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Corn Fritters-Perkedel Jagung
Cut kernels from 3 cobs of sweet corn.
1 Tbls. chives slices
1 egg beaten
2 Tbls. flour
1 cup of oil for frying

Spice Paste:
1 Tbls. kunci root, pounded
2 tsp. coriander, dryly fried
1 tsp. pepper corns
6 shallots
3 cloves of garlic
1 tsp. salt
sugar to taste

 

Coarsely pound the corn kernels. Mix it with the the rest of the ingredients including the ready spice paste (below) to make a smooth and thick batter

Heat the oil under medium high heat. Take a-2-spoonfull each time of the batter, fry it until it turns golden brown.

Remove and ready to serve.

F.Y.I.
Indonesian cooking methods are similar to those used in any other Asian or Western kitchen especially the basics such as blanching, broiling, steaming, frying and deep frying. However, there one important basic that you need to know how to prepare. It is how to prepare what is called the basic spice paste. There are varieties of basic spice pastes and they are called basic because they are the seasoning bases of almost all Indonesian dishes.

In Indonesia, a saucer-shape granite grinding stone (mortar) and pestle are used. Ingredients are peeled as necessary and sometimes chopped or sliced into small pieces so they would be easier to grind. The pestle is used with a backwards and forwards motion across the mortar until the ingredients are blended together into a smooth paste. If you are using a blender or a food processor, the order of processing the spices is much the same as using a mortar, but in some cases you might need to add some liquid to keep the blades of the machine turning during the blending process. The liquid could be oil if the spice paste needs to be fried or either coconut milk, stock or water if the spice paste is to be simmered.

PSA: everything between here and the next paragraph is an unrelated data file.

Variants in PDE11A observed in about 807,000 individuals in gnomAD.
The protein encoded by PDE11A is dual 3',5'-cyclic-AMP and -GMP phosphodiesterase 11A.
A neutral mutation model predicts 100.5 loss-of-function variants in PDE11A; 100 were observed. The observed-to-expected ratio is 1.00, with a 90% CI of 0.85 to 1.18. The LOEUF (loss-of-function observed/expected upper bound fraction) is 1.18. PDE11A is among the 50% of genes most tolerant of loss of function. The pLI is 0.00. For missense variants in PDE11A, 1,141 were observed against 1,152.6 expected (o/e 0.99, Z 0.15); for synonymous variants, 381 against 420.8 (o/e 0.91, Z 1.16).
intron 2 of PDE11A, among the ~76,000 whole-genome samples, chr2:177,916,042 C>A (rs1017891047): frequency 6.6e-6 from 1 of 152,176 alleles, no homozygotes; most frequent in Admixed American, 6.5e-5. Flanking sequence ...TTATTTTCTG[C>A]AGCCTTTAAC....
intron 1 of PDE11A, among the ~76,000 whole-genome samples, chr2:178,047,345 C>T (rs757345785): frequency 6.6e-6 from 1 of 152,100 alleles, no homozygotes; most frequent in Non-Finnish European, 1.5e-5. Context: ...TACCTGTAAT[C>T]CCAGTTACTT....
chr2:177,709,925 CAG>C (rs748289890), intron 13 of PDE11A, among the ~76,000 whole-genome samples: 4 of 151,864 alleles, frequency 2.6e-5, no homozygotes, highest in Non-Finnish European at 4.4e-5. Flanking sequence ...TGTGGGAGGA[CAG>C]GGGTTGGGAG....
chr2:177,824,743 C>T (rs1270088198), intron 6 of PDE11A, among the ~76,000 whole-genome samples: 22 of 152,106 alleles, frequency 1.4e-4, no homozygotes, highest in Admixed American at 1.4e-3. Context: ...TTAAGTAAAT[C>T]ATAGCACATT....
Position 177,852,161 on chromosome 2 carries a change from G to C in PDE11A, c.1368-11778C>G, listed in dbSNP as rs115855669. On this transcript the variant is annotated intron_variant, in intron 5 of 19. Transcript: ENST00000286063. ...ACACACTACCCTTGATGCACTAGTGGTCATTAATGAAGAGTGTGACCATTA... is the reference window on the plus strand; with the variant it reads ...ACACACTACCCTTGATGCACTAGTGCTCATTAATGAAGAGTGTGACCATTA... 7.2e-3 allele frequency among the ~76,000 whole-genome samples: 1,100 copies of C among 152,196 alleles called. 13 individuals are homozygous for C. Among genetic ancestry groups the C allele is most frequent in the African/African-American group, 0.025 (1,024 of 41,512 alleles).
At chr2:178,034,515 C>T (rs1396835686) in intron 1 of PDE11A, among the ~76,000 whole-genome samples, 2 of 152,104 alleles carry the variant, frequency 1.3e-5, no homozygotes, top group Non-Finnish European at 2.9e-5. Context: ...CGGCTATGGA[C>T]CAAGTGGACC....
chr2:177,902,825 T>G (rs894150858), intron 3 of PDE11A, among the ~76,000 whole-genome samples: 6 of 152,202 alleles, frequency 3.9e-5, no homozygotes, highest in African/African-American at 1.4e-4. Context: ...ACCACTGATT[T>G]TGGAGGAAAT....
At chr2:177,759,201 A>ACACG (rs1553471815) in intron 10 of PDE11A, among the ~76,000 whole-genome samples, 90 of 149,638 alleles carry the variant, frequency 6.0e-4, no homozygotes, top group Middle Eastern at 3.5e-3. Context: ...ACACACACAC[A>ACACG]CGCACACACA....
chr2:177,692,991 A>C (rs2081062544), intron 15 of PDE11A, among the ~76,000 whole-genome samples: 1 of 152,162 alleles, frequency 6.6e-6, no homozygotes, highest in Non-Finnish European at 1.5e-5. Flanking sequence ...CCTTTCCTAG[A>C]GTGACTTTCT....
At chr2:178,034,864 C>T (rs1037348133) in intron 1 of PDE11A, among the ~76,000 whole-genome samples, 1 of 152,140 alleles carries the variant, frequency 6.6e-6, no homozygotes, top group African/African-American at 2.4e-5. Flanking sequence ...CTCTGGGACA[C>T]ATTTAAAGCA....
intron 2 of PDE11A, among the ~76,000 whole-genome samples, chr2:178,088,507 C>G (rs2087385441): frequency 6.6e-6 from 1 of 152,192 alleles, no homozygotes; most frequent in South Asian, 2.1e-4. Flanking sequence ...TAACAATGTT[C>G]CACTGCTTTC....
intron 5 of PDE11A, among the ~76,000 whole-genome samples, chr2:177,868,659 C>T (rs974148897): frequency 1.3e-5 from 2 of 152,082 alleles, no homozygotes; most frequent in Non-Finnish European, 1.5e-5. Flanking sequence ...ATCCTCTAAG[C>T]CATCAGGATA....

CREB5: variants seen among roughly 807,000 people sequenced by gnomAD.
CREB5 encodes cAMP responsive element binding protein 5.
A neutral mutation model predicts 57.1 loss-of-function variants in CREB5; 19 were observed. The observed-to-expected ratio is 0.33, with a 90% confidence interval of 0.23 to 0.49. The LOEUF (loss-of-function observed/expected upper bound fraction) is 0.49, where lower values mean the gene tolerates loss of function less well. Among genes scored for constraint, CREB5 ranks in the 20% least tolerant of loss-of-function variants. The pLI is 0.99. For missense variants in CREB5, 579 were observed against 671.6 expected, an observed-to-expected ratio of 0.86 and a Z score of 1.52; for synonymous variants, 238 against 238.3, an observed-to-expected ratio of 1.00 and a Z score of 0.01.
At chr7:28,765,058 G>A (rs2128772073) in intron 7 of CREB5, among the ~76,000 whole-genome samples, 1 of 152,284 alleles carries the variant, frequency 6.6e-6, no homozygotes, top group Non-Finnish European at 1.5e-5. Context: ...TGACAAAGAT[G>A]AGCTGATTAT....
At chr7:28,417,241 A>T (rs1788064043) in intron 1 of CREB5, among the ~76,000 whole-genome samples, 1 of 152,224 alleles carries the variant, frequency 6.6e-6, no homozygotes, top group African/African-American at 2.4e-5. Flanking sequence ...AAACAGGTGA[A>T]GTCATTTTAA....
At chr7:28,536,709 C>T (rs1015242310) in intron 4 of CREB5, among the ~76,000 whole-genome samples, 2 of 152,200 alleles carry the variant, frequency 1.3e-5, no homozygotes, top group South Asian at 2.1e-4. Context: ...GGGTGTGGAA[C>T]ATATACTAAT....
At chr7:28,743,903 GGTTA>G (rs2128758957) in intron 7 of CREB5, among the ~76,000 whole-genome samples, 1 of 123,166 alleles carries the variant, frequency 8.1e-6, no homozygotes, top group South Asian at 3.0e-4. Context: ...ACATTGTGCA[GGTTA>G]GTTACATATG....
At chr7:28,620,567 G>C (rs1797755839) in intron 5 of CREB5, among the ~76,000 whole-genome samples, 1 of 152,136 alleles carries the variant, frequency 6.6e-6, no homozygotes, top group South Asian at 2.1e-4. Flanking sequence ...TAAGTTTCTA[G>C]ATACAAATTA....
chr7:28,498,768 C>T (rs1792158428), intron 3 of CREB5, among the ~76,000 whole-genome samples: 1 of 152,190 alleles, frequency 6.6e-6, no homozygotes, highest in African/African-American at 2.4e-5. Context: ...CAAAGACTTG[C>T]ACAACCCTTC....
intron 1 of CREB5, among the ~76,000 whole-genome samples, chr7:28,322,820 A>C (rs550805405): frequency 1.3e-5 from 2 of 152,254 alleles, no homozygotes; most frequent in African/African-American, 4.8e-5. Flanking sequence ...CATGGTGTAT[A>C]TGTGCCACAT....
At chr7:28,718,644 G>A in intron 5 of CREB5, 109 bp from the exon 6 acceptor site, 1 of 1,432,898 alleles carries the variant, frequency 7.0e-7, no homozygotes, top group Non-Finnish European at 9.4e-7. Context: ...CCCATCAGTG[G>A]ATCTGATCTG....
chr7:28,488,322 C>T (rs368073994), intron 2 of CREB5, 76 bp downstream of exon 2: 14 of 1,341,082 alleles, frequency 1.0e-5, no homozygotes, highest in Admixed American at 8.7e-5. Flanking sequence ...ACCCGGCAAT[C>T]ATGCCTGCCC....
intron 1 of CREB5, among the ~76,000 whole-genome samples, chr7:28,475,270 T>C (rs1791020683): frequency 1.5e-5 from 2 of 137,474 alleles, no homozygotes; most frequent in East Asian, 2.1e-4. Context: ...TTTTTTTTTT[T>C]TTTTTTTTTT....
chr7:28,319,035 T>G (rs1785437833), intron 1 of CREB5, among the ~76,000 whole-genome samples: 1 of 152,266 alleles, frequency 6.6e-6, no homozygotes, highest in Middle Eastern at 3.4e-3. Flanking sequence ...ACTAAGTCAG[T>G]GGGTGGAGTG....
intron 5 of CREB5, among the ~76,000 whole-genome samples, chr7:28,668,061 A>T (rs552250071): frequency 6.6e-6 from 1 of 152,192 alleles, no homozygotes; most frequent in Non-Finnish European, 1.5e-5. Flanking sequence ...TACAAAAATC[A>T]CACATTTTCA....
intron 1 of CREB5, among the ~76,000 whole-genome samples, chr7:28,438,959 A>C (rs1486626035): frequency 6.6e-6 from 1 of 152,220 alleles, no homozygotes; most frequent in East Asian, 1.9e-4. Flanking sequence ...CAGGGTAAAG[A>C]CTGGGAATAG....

The order to be followed when grinding spice paste ingredients is the hard items first although at most times I like to grind garlic and shallots first. The hard items are dried spices, nuts and tough fibrous rhizomes such as galangal, lemongrass. When all of these ingredients are fine, add softer rhizomes, such as turmeric, ginger and fresh soaked dried chilies. Once all of these are quite smooth, then add ingredients that are full of moisture, such as shallots and garlic. Finally, you add shrimp paste and tamarind juice or any other kind of juices and process to mix well.

This spice paste often then needs to be fried or simmered depending on the recipes. If it needs to be fried, just use a little bit of oil over low to moderate heat and stir fry it until it starts to smell fragrant. This usually takes only 2-3 minutes. Sometimes, pieces of meat and poultry are added to the paste and stir fried until these are well coated and the color has changed.


Merry welcomes you to visit her hot and smoky kitchen Merry's Kitchen of Indonesian Cuisine for more of her favorite recipes!

Preparation Time: Serves: 5-6
Recipe Origin: Indonesia
Submitted by:
Merry

Indonesia
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